The Cayman Islands hovered on the brink of breaking the barrier of 500 registered international insurance companies at the end of 1999. Statistics issued by the Cayman Islands Monetary Authority (CIMA) show that 37 new licences were issued during 1999 and 25 cancelled to bring the total to a tantalising 497. Growth did slow compared to the previous five years, but this was partly a timing difference and there were approximately 20 further applications under consideration by CIMA at the year end. Twenty-five licences were cancelled, reflecting such factors as mergers and acquisitions.
Looking at the statistics in more detail, two more alternative risk financing vehicles were added during 1999 bringing the total to 22 from only eight in 1997. Segregated portfolio companies increased from five in 1998 to 15. Among more traditional types of company, pure, association and rent-a-captives all increased slightly while the number of open market insurers and group captives contracted.
In 1999, 40% of new licences took the form of segregated portfolio companies and alternative risk financing special purpose vehicles (SPVs), categories for which the Cayman Islands has helped pioneer. Says Clive Thursby, newly appointed head of insurance supervision for the Cayman Islands, “Cayman remains at the forefront of developments in these areas, particularly capital market related ventures.”
Mr Thursby adds: “While quality in our view is more important thanquantity, we expect to go through the 500 barrier shortly.”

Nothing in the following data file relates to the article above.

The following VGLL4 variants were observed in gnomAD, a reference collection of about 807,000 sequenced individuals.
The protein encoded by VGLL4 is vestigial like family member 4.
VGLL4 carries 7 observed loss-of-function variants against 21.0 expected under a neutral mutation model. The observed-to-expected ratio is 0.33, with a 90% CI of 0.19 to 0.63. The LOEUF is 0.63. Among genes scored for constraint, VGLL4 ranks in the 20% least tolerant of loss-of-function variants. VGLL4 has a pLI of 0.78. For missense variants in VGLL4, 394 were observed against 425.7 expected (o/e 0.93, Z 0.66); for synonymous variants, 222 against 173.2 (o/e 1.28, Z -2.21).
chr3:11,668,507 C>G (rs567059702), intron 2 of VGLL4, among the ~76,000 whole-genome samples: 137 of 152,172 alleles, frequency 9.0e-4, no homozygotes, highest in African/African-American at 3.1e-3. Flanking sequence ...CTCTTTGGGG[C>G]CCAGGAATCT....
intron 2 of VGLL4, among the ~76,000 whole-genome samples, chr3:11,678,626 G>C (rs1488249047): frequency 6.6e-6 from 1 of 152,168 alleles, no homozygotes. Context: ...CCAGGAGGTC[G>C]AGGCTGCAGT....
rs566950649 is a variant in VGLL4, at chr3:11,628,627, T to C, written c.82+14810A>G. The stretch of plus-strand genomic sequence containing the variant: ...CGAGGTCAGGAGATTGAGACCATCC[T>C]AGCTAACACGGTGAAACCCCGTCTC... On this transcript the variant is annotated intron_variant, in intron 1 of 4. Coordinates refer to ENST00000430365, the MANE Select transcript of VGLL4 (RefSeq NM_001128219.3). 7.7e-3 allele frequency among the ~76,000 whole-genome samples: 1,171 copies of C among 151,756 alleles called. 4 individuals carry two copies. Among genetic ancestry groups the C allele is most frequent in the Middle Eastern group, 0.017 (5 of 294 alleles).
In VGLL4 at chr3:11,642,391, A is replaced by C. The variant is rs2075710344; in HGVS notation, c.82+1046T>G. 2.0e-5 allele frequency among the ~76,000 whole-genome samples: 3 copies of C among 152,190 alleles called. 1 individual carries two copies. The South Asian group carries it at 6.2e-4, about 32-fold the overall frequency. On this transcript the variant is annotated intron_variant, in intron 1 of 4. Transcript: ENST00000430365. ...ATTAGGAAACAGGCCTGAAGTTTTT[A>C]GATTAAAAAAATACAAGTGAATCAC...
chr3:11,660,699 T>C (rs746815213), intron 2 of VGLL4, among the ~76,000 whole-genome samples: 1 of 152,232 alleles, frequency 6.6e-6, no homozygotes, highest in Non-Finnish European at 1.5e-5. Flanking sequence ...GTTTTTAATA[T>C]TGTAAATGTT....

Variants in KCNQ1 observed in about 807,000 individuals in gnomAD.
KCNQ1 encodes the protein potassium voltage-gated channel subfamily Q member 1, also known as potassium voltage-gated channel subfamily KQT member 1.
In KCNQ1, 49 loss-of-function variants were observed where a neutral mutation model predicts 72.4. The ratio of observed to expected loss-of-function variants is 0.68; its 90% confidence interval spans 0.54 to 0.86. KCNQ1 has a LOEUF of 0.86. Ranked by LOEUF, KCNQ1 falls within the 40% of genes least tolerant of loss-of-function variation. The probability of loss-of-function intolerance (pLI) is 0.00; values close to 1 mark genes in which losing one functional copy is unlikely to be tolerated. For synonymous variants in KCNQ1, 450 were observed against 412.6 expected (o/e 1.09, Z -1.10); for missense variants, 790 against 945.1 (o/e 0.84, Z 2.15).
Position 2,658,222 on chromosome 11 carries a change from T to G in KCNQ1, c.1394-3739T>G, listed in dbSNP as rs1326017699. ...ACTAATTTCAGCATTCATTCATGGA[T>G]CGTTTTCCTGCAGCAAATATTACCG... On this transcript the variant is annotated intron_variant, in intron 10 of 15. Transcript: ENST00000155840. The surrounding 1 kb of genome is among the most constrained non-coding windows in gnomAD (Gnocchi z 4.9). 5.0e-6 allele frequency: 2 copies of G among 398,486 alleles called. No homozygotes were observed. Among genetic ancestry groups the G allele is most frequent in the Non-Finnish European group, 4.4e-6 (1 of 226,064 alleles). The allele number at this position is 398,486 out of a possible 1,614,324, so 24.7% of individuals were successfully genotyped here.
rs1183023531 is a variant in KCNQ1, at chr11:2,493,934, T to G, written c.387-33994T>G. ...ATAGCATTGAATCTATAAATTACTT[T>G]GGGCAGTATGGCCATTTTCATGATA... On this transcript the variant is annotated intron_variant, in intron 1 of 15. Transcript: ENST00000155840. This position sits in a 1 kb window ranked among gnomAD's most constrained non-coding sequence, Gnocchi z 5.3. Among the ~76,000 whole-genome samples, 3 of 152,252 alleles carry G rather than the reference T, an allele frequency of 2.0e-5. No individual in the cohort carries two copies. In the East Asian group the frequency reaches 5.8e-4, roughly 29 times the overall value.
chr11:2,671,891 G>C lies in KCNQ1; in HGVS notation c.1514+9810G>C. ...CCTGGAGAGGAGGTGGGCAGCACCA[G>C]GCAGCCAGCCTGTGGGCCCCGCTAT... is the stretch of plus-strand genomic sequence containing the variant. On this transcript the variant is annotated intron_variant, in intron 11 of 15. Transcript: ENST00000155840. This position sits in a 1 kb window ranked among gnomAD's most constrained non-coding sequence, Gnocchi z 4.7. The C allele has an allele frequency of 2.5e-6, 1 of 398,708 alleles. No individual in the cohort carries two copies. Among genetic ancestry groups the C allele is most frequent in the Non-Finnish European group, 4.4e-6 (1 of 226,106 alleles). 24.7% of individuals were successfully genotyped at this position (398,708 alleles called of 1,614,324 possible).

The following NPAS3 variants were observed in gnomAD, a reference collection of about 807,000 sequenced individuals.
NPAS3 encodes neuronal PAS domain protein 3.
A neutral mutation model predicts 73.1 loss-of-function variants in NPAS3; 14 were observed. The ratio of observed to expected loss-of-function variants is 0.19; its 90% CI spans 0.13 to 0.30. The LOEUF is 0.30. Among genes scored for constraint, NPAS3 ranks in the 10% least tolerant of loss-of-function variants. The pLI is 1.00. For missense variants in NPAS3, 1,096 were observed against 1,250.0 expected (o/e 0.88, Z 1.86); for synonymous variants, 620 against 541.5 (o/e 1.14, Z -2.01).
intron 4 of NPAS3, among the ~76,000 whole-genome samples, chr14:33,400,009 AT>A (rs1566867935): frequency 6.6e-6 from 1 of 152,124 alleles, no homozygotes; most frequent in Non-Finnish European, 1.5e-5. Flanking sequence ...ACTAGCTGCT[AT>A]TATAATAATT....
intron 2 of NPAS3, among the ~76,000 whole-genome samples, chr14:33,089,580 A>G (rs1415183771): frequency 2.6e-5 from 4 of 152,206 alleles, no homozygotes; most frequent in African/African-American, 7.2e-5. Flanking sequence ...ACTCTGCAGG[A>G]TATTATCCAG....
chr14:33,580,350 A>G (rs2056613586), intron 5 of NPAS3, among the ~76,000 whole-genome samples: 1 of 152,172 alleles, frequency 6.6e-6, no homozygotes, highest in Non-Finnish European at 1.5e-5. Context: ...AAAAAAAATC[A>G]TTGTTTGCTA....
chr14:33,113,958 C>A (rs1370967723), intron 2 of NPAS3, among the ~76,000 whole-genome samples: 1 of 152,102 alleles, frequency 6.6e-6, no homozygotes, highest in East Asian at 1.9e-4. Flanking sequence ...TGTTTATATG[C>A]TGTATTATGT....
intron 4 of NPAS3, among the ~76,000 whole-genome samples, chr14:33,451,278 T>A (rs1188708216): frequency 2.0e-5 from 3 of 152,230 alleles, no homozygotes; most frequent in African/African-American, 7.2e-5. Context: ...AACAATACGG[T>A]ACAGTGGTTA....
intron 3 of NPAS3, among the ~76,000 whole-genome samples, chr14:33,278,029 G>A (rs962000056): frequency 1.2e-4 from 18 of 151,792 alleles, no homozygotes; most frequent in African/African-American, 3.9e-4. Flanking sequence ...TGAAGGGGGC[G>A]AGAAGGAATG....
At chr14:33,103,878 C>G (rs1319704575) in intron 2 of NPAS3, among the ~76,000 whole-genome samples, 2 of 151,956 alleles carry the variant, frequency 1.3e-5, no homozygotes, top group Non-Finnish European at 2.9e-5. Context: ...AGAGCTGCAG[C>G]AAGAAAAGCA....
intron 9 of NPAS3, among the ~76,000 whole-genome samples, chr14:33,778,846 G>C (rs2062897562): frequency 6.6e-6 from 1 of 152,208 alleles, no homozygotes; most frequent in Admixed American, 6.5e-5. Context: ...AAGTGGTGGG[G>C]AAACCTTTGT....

Mr Thursby, well known in the risk management community in the UnitedKingdom, was appointed to replace William McCullough who retired at the end of 1999 after overseeing three years of exceptional growth in the domicile.The Cayman Islands, thus, continue a practice of appointing their chief insurance supervisor externally.
A governor of the UK's Institute of Risk Management since 1995, Mr Thursby was a freelance risk management consultant. Previously, he had worked at Tillinghast-Towers Perrin in London, where he was responsible for expanding the consulting practice as a base for European activities, and as head of risk financing at Bowring Marsh and McLennan, now Marsh.
His responsibilities as head of insurance supervision for the Cayman Islands Monetary Authority (CIMA) will be to monitor, regulate and developboth the domestic and international insurance industry in the Cayman Islands and ensure that they are operated in a prudent manner and identify licence holders who are breaking the law or failing to meet requirements.
CIMA managing director, Neville Grant comments: “Industry products andpractices are changing rapidly and supervisors must be able to deal with a range of increasingly complex issues. In addition, more and more attention is being focussed on the regulatory and supervisory capabilities of international financial centres.”
Cayman has again shown itself the most informative of all captive domiciles, able to provide a detailed picture of business during 1999 by the beginning of February.